Africa’s first game on Apple Arcade: a game changer for developers on the continent

Free Lives, the South African games development house behind renowned titles such as BroForce and GORN, has struck gold again with its latest offering Cricket Through the Ages, which is the first and currently only game on Apple Arcade built by an African developer. In Apple Arcade, Cricket Through the Ages is in the company of games built by industry giants such as Ubisoft, Konami, and CapCom.

Cricket Through the Ages is a single button physics game, which combines major milestones in human history, cricket, and a wild sense of humour that is the hallmark of all Free Lives games.

Prototyped over the course of a single game jam (the gaming developers’ version of a hackathon), the game was inspired by South Africa’s abiding love for cricket, although the connection to the sport is often warped within the game. The “bowler” can find themselves delivering anything from an apple to a snake, while the “batsman” hits the missile away with a club, sword, or whatever else is relevant to the historical period. Opponents vary from cavemen to astronaut, with dinosaurs even making an appearance.

“We're incredibly excited about the opportunity that Apple Arcade presents for independent game developers in South Africa,” says Free Lives founder Evan Greenwood. “It offers a home for premium mobile games, as well as financial support for making innovative experiences”. “Apple Arcade allows developers to make more contained, one-off games,” he adds. “It's not often that you get the chance to be outright experimental and financially successful, and that seems to be the space that Apple Arcade is creating”.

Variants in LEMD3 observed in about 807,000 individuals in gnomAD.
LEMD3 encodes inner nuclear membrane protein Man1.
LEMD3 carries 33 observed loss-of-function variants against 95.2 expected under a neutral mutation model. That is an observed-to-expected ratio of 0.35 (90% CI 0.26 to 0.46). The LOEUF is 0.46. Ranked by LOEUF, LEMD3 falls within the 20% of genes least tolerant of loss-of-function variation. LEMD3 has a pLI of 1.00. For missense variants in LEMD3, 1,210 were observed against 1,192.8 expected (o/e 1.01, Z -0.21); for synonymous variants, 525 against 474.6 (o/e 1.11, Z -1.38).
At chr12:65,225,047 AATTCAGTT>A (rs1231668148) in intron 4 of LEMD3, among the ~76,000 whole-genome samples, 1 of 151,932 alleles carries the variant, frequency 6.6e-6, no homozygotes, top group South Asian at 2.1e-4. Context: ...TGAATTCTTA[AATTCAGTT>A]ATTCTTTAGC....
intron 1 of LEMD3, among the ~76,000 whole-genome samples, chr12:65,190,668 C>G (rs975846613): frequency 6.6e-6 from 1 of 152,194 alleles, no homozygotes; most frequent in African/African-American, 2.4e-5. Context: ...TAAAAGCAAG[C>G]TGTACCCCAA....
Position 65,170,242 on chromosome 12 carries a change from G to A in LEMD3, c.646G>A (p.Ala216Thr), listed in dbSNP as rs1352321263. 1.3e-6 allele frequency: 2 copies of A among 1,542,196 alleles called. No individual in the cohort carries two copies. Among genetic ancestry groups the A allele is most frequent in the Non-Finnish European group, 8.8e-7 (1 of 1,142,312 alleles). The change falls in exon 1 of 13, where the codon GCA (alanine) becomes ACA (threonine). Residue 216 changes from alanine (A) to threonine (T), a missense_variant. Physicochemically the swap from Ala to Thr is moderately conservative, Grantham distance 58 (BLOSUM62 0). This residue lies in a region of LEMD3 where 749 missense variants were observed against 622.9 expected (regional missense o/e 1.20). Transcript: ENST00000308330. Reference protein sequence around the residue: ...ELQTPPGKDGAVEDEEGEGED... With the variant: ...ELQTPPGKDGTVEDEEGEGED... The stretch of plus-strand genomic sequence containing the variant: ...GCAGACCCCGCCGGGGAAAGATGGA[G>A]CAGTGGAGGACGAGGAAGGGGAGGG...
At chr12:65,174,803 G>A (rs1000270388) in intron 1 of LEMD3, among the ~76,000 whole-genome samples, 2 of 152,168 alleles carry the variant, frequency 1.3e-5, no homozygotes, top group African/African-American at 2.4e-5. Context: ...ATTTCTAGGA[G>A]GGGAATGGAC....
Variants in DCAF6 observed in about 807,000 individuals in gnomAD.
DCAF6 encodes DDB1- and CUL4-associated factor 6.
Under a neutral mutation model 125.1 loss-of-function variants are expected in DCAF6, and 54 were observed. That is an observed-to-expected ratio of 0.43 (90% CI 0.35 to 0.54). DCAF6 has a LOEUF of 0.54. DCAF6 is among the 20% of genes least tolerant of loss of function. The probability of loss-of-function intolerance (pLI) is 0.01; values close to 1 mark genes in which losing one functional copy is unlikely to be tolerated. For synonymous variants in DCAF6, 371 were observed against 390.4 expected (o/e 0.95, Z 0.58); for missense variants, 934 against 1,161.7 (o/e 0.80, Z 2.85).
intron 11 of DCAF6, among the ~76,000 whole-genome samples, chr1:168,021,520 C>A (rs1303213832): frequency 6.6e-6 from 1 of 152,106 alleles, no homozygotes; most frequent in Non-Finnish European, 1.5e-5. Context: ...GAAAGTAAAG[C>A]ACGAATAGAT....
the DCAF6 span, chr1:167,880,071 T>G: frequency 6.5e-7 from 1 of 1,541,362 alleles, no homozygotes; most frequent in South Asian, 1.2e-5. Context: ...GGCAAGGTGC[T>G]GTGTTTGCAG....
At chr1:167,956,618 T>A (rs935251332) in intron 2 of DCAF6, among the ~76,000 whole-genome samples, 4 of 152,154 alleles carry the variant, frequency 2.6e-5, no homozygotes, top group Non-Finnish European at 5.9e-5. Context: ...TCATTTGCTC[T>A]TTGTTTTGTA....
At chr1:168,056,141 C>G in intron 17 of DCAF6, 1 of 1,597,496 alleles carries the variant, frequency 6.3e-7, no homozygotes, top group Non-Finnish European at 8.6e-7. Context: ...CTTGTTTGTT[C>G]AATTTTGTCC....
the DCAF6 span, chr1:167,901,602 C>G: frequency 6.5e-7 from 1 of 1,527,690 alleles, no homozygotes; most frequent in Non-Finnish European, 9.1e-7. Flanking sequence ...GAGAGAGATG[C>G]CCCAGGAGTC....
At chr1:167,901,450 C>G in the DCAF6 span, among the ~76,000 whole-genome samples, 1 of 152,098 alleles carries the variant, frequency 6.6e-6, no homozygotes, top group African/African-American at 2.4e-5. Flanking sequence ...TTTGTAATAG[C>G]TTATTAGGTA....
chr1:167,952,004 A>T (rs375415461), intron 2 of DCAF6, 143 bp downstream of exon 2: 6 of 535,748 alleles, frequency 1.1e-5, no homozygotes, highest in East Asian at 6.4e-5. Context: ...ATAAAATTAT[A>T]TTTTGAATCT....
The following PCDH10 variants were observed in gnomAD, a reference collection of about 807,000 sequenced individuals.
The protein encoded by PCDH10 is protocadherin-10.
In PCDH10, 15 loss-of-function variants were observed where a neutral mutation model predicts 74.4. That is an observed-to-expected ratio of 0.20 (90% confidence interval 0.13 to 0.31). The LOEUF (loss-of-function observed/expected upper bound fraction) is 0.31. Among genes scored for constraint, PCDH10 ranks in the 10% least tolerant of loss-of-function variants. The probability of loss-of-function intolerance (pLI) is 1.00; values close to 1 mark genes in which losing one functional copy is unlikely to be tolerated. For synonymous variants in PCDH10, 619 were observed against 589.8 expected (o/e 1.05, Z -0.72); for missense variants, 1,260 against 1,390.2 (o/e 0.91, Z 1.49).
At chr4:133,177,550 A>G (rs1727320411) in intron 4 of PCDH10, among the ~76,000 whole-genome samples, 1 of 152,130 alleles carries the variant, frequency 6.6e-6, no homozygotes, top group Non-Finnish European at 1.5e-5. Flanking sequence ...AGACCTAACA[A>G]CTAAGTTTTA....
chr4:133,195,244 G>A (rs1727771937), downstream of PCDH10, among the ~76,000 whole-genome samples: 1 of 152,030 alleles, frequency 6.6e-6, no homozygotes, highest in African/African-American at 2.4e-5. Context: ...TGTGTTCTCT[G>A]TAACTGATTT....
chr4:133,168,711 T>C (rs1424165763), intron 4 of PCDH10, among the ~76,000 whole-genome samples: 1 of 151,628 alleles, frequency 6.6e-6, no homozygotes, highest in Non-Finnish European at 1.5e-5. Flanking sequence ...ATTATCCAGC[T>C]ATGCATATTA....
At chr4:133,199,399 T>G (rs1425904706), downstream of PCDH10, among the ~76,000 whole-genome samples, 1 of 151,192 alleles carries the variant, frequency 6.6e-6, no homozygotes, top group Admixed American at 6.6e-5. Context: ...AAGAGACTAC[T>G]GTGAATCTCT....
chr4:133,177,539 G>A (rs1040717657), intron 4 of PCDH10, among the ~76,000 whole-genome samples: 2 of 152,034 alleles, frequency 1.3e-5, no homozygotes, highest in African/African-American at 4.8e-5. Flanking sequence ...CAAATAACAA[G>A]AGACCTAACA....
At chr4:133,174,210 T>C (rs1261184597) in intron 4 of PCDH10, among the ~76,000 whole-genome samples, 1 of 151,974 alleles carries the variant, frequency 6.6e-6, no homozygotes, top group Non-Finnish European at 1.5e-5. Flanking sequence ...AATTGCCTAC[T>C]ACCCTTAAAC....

Cricket Through the Ages’ inclusion in Apple Arcade is a major coup for the South African game development community. A testament to the kind of development talent available in South Africa, Cricket Through the Ages’ presence on Arcade could be a much-needed catalyst for a local gaming industry that faces some serious challenges.   

“Few South Africans are able to afford the upfront capital required to get game projects off the ground, and most studios have to take contract or service work to sustain themselves,” the Free Lives founder says “That takes time and energy away from the process of developing original titles”.

And even when developers are able to build their own games, South Africa’s location on the world map can make promoting them a challenge.

“Most games-related conferences - where developers get the opportunity to show their work and tap into global networks - are hosted in the US and Europe, which are difficult to access,” says Greenwood.

“We'll certainly be encouraging local developers to pitch their work to Apple Arcade in the future, and we hope to see Apple's continuing support for independent games”.

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